It was 32 years in the coming, but on April 14 at the Lunt-Fontanne, Berry Gordy and Diana Ross finally delivered to Broadway their official company-line rebuttal to Dreamgirls, an admitted fiction that played fast 'n' loose with the facts and fantasies of The Supremes split-up. It was called Motown, and, true to its brand name, it was one big platter spin, separated by flashes of varnished truth. The credits said it all: "Book by Berry Gordy. Music and Lyrics from The Legendary Motown Catalog."
Making the occasion all the sweeter was the fact that Gordy and Ross sat in the audience, side by side, and watched the story of their lives wash over them in a tuneful tsunami that is a continuing testament to Gordy's eye and ear for talent.
After the curtain call, Gordy joined the jubilation on stage and took a deep and well-deserved bow. "All I wanna do," he said, "is thank you all for sharing this dream."
Surrounding him were real-life figments of his dream factory, who had popped up from the audience and rushed forth to congratulate their former boss. In addition to Ross, an event all by herself, there were Stevie Wonder, Smokey Robinson, Mary Wilson, Gladys Knight, The Commodores, Suzanne de Pass and on and on...
Gordy's dream began with Joe Louis' knockout punch in 1948 that made him champ of the world and proved to eight-year-old Berry what's possible when that dream is connected to drive and determination. Starting out as a songwriter, he found he had an unfailing flair for spotting talent, so he started his own starmaking assembly line in Detroit, manufacturing and marketing what became known as the Motown sound.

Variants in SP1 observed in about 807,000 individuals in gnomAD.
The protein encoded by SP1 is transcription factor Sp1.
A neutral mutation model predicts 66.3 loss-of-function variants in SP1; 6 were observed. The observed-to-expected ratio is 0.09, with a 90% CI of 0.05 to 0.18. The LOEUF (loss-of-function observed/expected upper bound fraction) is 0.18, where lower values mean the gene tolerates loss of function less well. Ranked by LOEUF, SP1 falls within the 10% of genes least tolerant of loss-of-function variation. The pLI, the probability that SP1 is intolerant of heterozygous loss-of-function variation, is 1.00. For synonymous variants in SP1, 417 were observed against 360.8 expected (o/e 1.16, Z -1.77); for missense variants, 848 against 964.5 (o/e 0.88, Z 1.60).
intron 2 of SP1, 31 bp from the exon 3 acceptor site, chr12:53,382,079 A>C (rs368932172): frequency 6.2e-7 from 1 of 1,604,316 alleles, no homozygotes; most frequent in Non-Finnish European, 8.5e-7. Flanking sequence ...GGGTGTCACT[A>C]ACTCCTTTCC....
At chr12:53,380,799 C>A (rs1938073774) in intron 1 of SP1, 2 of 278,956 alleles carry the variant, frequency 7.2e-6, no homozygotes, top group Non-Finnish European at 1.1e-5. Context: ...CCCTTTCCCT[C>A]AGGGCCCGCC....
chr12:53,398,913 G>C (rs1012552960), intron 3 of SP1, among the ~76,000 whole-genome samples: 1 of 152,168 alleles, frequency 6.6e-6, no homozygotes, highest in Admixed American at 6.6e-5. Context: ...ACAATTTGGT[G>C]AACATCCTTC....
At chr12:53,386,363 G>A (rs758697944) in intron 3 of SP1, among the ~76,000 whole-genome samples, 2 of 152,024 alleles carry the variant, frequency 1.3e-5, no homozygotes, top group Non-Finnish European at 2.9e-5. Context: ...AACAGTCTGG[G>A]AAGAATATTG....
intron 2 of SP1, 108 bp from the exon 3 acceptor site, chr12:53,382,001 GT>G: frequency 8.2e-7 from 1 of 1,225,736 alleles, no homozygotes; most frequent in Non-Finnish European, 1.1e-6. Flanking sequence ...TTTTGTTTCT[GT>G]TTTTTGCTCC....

As soon as stars reached a certain high altitude and felt the restraining tugs of Gordy's strings, they knew they had to leave his nurturing nest—and did by hook, crook or litigation. Even his prize canary, La Ross, left her gilded cage—for $20 mil. It happened time and time again, but in February of 1983 they all came home for one night only—to salute the 25th anniversary of Motown and the man who manipulated them into major-league stardom. The play begins here, with Bitter Berry festering in his den over their ingratitude and rejection. Even special pleading from his steadfast star, Smokey Robinson, can't roust him out of his misery, but, in the manner of an old Warner Bros. biopic, he rallies and attends. Fade out.
Such is The Gospel According to Berry Gordy, and even if you were not paying attention at the time, you'll be amazed at how many of them have stuck to the roof of your mind. They parade in front of you like newfound old friends: "Stop! In the Name of Love," "My Guy," "My Girl," "ABC," "I Hear a Symphony," "Good Morning, Heartache," "I Heard It Through the Grapevine"—57 in all, plus some new ones by Gordy and Michael Lovesmith to advance 25 years of plot.
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